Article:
President Barack Obama listens as he is introduced by W. James McNerney Jr., chief executive of Boeing, during a Business Roundtable meeting in Washington, D.C., last week. Obama told top business executives the global economy remains "soft" and the deadlock in Washington over taxes and spending is holding the U.S. back from leading a strong recovery.
By DAVE MICHAELS
Published: 13 December 2012 11:06 PM
WASHINGTON — In the fight over who pays to avoid the fiscal cliff, big business has so far avoided any sacrifice.
Small business groups were angry this week when 160 chief executives of large public companies, members of the Business Roundtable, broke ranks on taxes and announced that more tax revenue would be needed to reduce the federal government’s $16 trillion debt.
The Roundtable CEOs supported raising money from higher individual income tax rates — which apply to some small business owners — but said corporate tax rates should be lowered through reform that also simplifies the code.
“The Business Roundtable is a first-rate business organization, but through that letter they’ve traded the perception that they are willing to sacrifice small businesses with higher tax rates while avoiding any sacrifices themselves,” said Rep. Kevin Brady, R-The Woodlands.
Large corporations have pushed for years to reduce their statutory tax rate, which at 35 percent is the highest in the world. But large companies often pay less because of federal tax breaks and tax-avoidance strategies. The average corporate tax rate fell last year to 12.1 percent, the lowest in 30 years, according to the Congressional Budget Office.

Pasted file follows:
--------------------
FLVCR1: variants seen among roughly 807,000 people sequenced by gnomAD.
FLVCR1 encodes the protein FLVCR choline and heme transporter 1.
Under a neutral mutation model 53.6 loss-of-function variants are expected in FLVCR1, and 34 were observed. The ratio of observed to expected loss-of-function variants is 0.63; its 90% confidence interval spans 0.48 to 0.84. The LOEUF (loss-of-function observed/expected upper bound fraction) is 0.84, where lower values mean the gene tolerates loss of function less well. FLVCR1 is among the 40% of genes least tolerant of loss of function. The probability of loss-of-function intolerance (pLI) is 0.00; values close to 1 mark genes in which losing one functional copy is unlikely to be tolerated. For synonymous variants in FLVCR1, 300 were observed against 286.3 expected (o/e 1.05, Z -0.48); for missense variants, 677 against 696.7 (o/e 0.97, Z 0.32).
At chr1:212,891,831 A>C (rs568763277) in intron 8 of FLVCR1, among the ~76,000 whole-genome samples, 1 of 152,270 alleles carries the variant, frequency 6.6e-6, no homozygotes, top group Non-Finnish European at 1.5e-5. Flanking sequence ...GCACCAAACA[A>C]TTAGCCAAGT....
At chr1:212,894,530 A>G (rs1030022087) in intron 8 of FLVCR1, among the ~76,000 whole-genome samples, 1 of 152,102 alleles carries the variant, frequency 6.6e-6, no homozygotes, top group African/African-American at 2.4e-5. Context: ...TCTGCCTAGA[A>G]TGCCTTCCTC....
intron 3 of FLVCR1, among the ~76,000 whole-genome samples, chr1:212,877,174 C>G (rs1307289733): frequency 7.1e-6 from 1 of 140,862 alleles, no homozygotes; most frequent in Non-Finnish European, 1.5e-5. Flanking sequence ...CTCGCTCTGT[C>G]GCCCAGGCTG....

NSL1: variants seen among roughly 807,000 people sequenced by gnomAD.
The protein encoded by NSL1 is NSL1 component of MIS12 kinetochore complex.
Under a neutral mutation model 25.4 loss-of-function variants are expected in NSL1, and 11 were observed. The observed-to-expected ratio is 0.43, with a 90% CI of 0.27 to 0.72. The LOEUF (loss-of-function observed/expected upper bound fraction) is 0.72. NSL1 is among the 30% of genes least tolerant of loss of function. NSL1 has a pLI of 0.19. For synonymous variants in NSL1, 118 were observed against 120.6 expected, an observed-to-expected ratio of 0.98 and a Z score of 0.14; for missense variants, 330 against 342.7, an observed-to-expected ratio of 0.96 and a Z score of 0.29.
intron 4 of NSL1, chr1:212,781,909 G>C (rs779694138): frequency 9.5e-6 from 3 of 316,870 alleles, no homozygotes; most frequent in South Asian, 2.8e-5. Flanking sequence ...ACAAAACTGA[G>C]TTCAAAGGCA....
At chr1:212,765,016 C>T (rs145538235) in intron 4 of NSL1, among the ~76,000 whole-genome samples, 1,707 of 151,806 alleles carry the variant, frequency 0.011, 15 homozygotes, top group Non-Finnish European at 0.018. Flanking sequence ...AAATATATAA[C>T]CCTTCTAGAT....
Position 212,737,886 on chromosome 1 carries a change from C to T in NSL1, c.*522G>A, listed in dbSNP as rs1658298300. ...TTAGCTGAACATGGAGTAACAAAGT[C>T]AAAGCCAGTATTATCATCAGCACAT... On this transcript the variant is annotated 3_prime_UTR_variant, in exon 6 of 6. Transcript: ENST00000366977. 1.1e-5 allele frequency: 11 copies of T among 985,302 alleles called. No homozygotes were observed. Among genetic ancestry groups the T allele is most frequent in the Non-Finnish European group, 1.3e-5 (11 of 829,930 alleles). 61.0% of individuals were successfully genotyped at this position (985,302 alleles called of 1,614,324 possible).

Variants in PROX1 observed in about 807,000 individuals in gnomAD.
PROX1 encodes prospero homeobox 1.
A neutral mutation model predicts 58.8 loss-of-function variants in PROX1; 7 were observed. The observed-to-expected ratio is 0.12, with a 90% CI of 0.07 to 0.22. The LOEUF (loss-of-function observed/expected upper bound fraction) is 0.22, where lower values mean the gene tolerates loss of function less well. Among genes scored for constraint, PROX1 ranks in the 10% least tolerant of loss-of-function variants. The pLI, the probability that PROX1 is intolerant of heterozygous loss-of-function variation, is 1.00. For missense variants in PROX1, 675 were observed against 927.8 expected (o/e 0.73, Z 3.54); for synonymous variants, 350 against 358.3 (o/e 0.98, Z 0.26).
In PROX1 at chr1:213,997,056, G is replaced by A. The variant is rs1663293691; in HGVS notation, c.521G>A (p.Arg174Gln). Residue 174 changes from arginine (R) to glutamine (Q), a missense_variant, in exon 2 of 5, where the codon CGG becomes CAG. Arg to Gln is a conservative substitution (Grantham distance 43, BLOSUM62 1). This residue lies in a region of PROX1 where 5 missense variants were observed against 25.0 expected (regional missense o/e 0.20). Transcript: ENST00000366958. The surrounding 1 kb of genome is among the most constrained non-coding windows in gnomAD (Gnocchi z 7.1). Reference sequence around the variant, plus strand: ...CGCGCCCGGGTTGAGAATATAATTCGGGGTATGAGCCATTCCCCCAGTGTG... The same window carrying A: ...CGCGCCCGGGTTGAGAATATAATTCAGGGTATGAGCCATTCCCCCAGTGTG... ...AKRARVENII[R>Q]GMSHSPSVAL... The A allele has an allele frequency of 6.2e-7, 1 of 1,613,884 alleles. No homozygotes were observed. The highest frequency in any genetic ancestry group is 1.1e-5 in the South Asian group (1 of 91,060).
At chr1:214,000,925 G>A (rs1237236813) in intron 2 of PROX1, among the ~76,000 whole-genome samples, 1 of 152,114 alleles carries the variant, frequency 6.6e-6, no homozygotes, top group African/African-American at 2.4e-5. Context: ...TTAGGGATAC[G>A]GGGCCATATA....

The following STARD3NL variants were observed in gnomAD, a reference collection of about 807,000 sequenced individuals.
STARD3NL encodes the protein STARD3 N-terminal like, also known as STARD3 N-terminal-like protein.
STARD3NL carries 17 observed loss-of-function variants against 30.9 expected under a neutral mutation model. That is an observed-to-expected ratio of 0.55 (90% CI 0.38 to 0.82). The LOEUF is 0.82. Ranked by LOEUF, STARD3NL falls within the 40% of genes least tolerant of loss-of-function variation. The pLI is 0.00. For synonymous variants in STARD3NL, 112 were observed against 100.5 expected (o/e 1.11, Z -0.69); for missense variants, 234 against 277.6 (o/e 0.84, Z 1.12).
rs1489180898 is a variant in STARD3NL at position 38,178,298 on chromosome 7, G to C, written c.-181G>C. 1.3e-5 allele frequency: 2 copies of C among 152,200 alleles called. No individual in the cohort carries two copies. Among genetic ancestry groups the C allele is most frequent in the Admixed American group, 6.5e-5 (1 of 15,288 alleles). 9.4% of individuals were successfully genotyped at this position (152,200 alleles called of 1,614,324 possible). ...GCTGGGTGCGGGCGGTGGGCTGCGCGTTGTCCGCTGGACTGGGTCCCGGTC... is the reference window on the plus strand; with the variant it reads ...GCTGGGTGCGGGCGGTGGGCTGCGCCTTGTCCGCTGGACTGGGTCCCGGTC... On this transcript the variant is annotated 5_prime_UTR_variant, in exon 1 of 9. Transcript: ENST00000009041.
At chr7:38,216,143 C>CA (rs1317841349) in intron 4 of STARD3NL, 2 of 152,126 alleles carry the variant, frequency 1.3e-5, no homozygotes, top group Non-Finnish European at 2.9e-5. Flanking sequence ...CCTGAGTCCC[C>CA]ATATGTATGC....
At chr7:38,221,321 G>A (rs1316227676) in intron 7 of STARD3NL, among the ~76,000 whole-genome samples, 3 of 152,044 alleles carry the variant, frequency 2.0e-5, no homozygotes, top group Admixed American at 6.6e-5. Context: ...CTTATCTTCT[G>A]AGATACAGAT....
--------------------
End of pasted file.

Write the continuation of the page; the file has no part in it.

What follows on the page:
Among North Texas’ 150 largest public corporations, Irving-based Exxon Mobil paid one of the highest effective tax rates last year — 41 percent — according to data compiled by New York University finance professor Aswath Damodaran. Dallas-based Tenet Healthcare Corp. paid one of the lowest among local public companies — 3 percent.
President Barack Obama offered this week to accelerate corporate tax reform next year if Republicans sign on to higher rates on wealthy individuals as part of a deal to resolve the fiscal cliff. Obama has previously proposed reducing the corporate rate to 28 percent while eliminating many business tax breaks.
House Republicans want to lower the rate to 25 percent and would eliminate U.S. taxes on a domestic company’s foreign earnings. (U.S. companies now pay taxes on foreign profits when they bring the money home.) The GOP has said corporate tax reform should be revenue-neutral, meaning it doesn’t add to deficits but doesn’t help reduce them, either.
The Business Roundtable argues that this model of tax reform would help boost economic growth.
“Getting the rate down … and evisceration of a lot of deductions that we enjoy produces a lot more clarity and certainty and therefore sure-footed investment than does the situation we have now,” said W. James McNerney Jr., chairman of the Business Roundtable and chief executive of Boeing Co.